I have become a vastly big fan of Anna Campbell’s writing. Her characters are so full of life that I often find they tend to stick like glue even long after I’ve finished reading all about them. I can’t offer any deep hypothesis but I’d be inclined to deduce that those invisible threads that allow a reader to be bound and connected to a text are the contributing factor. Author magic exists and happens when a story and its characters impact greatly on the reader.
I was fortunate enough to get into my clutches “The Mammoth Book of Ghost Romance,” which showcases a bevy of extremely talented authors.
Blessedly thrilled I sank my teeth into Campbell’s latest (novellete) paranormal story “The Chinese Bed.” Yes you read that correctly – paranormal.
My curiosity was piqued to maximum as to what a Chinese bed had to do with ghosts. Naturally a romance writer’s imagination can go stark raking mad with the word bed following any other word.
I must admit that I had every confidence that Campbell would deliver and she did.
WARNING MAJOR SPOILER
The year is 1818 and Josiah Aston is a ghost but he has no recollection as to how he has come to be one. He spies on a young couple that are smitten, Calista and Miles. The couple are to be wed on the following day but Miles being a man that is intensely enamored, wants to quench his lust with his bride to be. His bride to be is reluctant as the house is brimming with guests.
Finishing their little interlude of stolen kisses they agree to meet at midnight in the very same room, they leave the room. The room contains a very ornate Chinese Bed, which is no ordinary bed. It carries a curse and is haunted by its original owner, who in spirit seeks nothing but vengeance.
Josiah however is a little perplexed at a great many things, the enormity being what happened to his bride Isabelle and why can’t he remember? He sets about to investigate and finds his ghost bride in her room. But she is afraid of him because something horrible transpired on their wedding day.
The hour approaches to midnight and Calista quietly makes her way back to the bedroom to meet Miles. They share unbound intimacy and fall asleep on the Chinese bed. Calista wakes to a pair of menacing red dots that are wreaking havoc in her mind. She succumbs to the voice and the doubts that plague her and follows the instructions of menacing spirit. But as fate should have it, Miles is awoken and rushes to see what has taken hold of his beloved.
Josiah and Isabelle bear witness to all that is unfolding, the menacing spirit trying to convince Calista take her own life. Miles talks to her and persists in winning her over with his belief in their love and relationship. Calista comes out of her trans like state and believes Miles. The menacing spirit is rendered to oblivion.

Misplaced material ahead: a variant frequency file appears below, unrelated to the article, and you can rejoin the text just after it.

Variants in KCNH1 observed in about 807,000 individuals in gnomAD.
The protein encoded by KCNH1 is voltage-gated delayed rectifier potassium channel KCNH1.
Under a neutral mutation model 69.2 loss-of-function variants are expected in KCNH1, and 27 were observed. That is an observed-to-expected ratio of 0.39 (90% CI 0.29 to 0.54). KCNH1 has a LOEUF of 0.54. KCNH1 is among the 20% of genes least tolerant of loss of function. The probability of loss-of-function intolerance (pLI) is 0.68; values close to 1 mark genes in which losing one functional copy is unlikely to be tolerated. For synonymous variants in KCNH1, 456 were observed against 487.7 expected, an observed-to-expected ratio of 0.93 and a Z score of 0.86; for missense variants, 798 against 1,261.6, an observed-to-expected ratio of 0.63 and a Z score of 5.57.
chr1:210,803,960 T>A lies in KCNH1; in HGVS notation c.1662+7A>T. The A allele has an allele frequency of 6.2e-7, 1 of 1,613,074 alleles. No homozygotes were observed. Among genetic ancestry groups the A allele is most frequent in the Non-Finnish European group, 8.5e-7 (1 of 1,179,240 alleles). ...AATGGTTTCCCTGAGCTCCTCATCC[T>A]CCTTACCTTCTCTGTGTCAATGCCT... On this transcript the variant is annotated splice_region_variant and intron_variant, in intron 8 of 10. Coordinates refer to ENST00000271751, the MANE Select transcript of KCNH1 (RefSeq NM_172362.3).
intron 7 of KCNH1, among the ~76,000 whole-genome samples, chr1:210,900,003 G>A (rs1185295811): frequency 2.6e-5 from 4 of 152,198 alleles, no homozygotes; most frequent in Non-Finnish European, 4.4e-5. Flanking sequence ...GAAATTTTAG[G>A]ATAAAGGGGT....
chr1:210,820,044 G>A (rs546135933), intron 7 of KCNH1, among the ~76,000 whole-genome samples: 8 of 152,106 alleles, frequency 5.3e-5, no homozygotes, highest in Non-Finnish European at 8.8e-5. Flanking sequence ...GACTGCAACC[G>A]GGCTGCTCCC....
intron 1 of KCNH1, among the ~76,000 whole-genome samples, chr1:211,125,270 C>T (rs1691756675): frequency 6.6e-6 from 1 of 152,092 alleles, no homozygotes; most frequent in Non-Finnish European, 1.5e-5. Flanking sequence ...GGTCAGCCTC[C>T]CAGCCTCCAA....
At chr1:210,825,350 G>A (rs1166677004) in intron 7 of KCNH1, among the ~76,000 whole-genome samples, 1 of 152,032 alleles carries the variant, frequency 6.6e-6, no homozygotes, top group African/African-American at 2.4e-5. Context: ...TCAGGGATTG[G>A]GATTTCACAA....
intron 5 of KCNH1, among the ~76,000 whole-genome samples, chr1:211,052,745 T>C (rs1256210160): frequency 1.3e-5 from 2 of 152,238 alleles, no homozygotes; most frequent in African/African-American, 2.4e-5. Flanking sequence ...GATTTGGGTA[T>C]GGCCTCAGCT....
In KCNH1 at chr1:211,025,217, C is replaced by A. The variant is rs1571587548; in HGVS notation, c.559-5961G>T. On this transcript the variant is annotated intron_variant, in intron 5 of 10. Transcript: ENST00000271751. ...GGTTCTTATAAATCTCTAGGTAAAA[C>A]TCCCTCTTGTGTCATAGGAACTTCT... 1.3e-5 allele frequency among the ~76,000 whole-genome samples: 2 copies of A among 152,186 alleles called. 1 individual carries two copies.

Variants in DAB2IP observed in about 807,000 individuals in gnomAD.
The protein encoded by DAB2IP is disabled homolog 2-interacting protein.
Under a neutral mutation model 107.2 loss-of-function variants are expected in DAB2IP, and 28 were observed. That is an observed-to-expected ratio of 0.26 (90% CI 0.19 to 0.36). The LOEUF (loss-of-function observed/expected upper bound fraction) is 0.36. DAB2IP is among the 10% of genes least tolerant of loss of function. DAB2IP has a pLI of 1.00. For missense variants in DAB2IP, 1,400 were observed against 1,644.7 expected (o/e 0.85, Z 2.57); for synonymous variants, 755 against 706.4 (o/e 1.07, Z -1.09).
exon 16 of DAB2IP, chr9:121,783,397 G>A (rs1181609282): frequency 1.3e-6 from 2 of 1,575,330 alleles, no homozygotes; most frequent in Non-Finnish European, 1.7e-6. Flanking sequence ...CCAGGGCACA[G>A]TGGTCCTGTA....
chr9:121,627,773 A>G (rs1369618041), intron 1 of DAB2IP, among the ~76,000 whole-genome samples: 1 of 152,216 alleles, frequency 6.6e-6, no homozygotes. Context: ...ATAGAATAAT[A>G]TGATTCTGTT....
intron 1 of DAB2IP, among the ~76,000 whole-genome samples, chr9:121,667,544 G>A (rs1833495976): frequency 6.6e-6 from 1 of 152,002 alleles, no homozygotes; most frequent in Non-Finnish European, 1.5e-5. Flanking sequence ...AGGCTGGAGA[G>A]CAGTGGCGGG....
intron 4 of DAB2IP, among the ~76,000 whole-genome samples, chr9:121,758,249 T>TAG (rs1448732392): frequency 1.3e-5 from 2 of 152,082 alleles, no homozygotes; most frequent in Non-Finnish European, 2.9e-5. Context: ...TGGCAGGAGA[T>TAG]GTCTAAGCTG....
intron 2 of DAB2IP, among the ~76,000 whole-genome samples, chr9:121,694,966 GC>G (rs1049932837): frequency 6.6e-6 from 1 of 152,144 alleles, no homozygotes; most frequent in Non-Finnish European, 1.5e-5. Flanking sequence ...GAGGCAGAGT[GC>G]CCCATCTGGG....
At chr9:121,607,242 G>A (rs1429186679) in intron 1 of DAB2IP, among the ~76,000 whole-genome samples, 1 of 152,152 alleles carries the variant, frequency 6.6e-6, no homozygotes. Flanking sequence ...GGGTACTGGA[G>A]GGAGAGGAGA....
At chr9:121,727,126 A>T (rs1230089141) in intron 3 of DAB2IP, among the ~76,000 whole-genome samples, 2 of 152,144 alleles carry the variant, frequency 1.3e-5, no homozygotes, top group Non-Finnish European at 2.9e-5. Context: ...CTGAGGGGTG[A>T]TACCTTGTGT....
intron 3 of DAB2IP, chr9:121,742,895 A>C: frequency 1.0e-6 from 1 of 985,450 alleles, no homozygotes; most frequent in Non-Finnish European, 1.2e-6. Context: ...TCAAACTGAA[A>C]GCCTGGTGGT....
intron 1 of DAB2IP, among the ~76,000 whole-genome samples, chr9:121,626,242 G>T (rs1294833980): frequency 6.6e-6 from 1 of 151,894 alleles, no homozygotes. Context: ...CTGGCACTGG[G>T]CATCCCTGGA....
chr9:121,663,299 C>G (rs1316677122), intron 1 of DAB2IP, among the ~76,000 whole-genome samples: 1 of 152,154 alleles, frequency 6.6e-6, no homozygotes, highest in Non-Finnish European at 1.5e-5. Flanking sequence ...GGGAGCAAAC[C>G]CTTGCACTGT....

Having witnessed all Josiah and Isabelle are once again united. It becomes clear to Isabelle that Josiah did not harm her but rather the evil spirit was what caused her demise.
Calista and Miles spy the two ghosts but only momentarily, they disappear to a much happier ending.
One of the strengths that I admired in this story, was the mystery that the bed carried between the living and the spirits. It’s what hooks a reader to read on, what is this bed, what does it do, how has it come to be cursed?
The other strength in this story was shown through Miles. Miles is the perfect example of determination, he won’t lose what he believes in and what he believes is that he and Calista belong together. Quite simply he loves her even though she has doubts. “Trust yourself. Trust me. Trust our love.” Miles voice cracked with emotion. “For God’s sake, Calista, don’t throw away what we have because you’re frightened.” (Campbell 2012)
I found the bed to be symbolic of how a marriage will progress into the future, the fear of the unknown, fear of whether a marriage will last and stand the test of time. Primarily it is symbolic of the doubts that may plague a woman or man before they wed. In some customs the marriage bed is dressed up and celebrated with money, flowers and dance. So the symbolism of the bed I felt was quite a pinnacle in the story. Even though in the end it has to be destroyed.
The character’s themselves are fitting to the story, given that it is a short story and we can only expect small cameo appearances. It is a complicated task to get the readers to connect with a character within a small time frame. It is why the actions and reactions of character in short story are crucial. The reader needs to be familiar with the character quickly. There isn’t time to build it over lengthy pages. Campbell succeeds in giving all the ingredients necessary.
Clearly, it was a very entertaining and delightful short story by Anna Campbell. I really do feel that if Campbell ever tires of writing those dashing and devilish rakes, then she would not suffer in turning her hand to something other – paranormal.
A plethora of Authors in this Anthology and I for one am enjoying them and savoring them one at a time.
Campbell, A. et al (2012). The Mammoth Book of Ghost Romance, Constable & Robinson Ltd, London.